Included here are coastal zones around the Caribbean Sea.

Halophytic Vegetation of Northern Venezuela

On the coastal alluvial plain at Chichiriviche in northern Venezuela the saline vegetation ranges from mangrove on the lower shore to deciduous forest transition zones on the landward limits but in between there is a variety of halophylic vegetation. These include flooded areas dominated by Cyperaceae, Batis maritima-Sesuvium protulacastrum zones, halophytic grassland dominated by Sporobolus virginicus, and small islands often dominated by Conocarpus erectus.

Mangrove Zone
This the lowest vegetation zone is dominated by tall mangrove vegetation mainly Avicennia germinans and Rhizophora mangle but with scattered Laguncularia racemosa.

Flooded areas dominated by Cyperaceae
These occur where fresh water accumulates during the wet season. The vegetation is dominated by species of Cyperaceae such as Eleocharis geniculala, Eleocharis nutans Fymbristylis cymosa and Fymbristylis spadicea. Some species, such as Nymphaea sp tend to be ephemeral and disappear during the dry season.

Batis maritima-Sesuvium protulacastrum zones
Zones dominated by these two succulent halophytes typically border salt-pans and flats which are often devoid of vegetation but temporarily flood after heavy rain.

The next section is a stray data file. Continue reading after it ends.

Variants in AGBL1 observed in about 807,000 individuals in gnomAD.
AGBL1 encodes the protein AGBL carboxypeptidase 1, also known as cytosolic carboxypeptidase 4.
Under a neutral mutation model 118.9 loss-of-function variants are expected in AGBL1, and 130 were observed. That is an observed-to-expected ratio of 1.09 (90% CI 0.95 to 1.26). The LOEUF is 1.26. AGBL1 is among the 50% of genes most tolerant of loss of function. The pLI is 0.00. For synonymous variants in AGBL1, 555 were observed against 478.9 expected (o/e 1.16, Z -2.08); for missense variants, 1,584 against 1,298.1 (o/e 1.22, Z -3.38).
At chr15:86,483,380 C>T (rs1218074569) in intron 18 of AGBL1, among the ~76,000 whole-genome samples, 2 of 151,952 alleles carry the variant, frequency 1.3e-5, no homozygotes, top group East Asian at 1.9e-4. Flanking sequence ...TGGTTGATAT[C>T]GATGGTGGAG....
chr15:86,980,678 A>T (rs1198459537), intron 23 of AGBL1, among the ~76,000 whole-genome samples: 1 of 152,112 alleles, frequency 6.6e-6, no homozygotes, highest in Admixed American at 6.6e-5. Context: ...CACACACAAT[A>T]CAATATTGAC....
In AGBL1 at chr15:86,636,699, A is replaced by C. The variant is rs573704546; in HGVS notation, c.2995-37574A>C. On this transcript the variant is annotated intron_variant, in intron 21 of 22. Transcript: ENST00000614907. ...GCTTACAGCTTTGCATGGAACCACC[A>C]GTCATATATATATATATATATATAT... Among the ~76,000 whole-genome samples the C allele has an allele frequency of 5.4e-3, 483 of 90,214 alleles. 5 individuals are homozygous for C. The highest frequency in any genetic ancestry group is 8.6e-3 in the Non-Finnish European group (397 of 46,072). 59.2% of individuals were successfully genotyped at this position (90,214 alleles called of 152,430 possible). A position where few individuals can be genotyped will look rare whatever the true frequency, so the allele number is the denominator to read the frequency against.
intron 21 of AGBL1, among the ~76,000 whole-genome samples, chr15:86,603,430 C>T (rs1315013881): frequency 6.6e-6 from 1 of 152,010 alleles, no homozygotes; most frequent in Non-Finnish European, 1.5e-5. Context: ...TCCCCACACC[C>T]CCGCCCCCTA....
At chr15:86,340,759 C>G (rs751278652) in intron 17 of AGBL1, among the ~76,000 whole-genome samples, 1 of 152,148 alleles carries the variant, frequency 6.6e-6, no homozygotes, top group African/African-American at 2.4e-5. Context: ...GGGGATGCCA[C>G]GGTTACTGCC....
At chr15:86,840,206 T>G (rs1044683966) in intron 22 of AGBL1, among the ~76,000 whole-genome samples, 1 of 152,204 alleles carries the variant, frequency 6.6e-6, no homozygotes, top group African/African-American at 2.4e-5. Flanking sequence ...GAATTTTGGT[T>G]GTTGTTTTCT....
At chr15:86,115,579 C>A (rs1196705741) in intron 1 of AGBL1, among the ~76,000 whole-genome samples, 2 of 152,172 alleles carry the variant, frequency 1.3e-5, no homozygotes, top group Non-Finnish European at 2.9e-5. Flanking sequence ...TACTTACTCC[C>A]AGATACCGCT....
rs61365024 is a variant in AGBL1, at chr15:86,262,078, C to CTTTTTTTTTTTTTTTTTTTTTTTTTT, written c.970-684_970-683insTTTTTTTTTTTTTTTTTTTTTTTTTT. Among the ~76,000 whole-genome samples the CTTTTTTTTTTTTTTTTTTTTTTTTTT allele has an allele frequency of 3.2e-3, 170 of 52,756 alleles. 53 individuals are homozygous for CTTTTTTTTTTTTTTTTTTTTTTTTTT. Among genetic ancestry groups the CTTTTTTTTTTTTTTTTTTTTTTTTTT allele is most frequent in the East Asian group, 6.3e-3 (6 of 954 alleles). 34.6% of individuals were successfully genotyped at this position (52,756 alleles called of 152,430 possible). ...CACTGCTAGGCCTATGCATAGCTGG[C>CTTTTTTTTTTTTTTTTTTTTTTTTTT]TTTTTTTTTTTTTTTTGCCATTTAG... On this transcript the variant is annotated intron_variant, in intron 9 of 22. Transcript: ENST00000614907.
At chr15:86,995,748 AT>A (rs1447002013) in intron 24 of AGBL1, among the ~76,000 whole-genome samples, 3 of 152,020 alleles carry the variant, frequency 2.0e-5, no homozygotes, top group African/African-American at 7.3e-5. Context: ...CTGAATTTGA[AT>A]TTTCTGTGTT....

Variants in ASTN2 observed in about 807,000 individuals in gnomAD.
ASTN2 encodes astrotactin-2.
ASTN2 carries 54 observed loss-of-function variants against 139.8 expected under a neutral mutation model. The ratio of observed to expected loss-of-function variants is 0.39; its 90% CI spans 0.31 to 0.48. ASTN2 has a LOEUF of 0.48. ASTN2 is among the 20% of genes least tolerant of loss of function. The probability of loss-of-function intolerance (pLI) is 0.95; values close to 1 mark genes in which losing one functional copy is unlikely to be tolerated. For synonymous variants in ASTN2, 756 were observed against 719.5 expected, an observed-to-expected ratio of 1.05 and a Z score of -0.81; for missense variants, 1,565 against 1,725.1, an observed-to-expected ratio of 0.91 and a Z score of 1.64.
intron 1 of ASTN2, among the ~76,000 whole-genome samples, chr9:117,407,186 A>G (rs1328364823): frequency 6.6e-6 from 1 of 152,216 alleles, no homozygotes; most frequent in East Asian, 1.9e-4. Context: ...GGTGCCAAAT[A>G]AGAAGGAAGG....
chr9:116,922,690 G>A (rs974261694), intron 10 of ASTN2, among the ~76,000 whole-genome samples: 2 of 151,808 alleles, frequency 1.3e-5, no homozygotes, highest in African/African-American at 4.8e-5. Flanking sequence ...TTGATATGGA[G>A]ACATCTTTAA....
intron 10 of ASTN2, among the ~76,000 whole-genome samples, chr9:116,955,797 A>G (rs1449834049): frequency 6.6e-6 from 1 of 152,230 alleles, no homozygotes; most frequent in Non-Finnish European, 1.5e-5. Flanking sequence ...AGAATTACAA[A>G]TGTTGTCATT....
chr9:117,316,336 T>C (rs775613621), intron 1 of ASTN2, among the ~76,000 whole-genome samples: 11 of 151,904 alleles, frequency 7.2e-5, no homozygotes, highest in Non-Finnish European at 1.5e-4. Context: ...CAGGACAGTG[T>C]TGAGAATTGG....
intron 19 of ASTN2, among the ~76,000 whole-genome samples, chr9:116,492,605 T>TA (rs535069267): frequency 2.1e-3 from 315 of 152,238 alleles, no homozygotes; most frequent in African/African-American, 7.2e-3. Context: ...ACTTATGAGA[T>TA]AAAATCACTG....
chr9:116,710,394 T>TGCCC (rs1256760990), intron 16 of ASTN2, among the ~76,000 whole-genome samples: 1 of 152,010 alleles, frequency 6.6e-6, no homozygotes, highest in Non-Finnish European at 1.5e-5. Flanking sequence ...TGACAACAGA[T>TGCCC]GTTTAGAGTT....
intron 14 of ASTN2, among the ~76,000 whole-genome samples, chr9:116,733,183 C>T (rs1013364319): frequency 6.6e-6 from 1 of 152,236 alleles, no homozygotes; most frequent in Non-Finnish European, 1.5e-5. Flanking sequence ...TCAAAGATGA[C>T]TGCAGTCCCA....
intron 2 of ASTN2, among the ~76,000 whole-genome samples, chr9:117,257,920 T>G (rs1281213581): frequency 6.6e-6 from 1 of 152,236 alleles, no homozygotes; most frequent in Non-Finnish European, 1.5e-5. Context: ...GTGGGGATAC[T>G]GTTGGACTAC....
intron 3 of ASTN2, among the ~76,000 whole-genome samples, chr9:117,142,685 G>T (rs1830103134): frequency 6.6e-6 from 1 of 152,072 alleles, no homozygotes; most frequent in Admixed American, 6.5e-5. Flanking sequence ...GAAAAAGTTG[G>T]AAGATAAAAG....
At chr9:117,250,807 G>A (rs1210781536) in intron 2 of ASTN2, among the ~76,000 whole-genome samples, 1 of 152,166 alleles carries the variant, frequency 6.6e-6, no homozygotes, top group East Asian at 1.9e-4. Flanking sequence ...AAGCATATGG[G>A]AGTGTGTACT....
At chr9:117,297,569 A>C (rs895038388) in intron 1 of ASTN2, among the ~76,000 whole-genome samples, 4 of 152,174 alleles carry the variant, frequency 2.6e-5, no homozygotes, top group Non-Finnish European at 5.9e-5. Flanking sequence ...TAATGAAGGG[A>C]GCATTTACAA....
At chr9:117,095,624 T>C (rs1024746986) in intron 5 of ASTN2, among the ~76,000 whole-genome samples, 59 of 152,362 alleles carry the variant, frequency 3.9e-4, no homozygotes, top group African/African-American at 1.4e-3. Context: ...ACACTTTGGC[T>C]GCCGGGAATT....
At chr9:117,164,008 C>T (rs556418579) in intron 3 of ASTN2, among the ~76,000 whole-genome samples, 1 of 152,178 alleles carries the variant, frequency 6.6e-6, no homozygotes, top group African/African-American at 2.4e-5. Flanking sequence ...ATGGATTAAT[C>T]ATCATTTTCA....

Halophytic grassland dominated by Sporobolus virginicus
These zones, typically elevated 5-10 cm above the salt-flat, are dominated by the saltmarsh grass Sporobolus virginicus. Oxycarpha suaedifolia is often intermixed with the grass together with isolated patches of Acanthocereus tetragonus and Opuntia zventiana.

Small islands often dominated by Conocarpus erectus
These are usualy in the order of 3-10 m in diameter and elevated up to 40 cm above the salt-flats. The vegetation is frequently dominated Conocarpus erectus, a species often associated with mangoves, and can reach heights of upto 2 m. A frequent associate is the columnar cactus Subpilosocereus ottonis. On other islands isolated stands of non-halophytic trees such as Capparis hastata, Maytenus karstenii and Prosopis juliflora may occur. Another occasional species is the cactus Pereskia guamacho, but the epiphyte Tillandsia flexuosa may be abundant. The floor of these islands is usually dominated by dense thickets of Bromelia humilis with scattered tufts of Sporobolus virginicus. Batis maritima-Sesuvium protulacastrum vegetation typically characterises the zones where these islands merge with the salt plains.

Deciduous woodland Transition Zones
These zones have been isolated from the main forest by erosive influences of running water during humid years, but also to some extent by human infiuence. The erosion reduces soil levels bringing it into contact with the brackish water table. The borders are characterised by Caesalpinia coriaria, Capparis hastata, Capparis odoratissima, Capparis pachaca, Erythroxylon cumanense, Jacquinia revoluta, Maytenus karenii, Prosopis juliflora and shrubs such as Croton sp and Pereskia guamacho. Occasionally there are also dense thickets of the terrestrial bromeliads Bromelia humilis and Bromelia chrysantha. Epiphytes include the bromeliads Tillandsia flexuosa and Tillandsia ecurvata and the orchids Brassovala nodosa and Schomburgkia humboldtiana.


Medina, E., Cram, W.J., Lee, H.S.J., Luttge, U., Popp, M., Smith, J.A.C. & Diaz, M. 1989. Ecophysiology of xerophytic and halophytic vegetation of a coastal alluvial plain in northern Venezuela. I. Site description and plant communities. The New phytologist, 111: 233-243.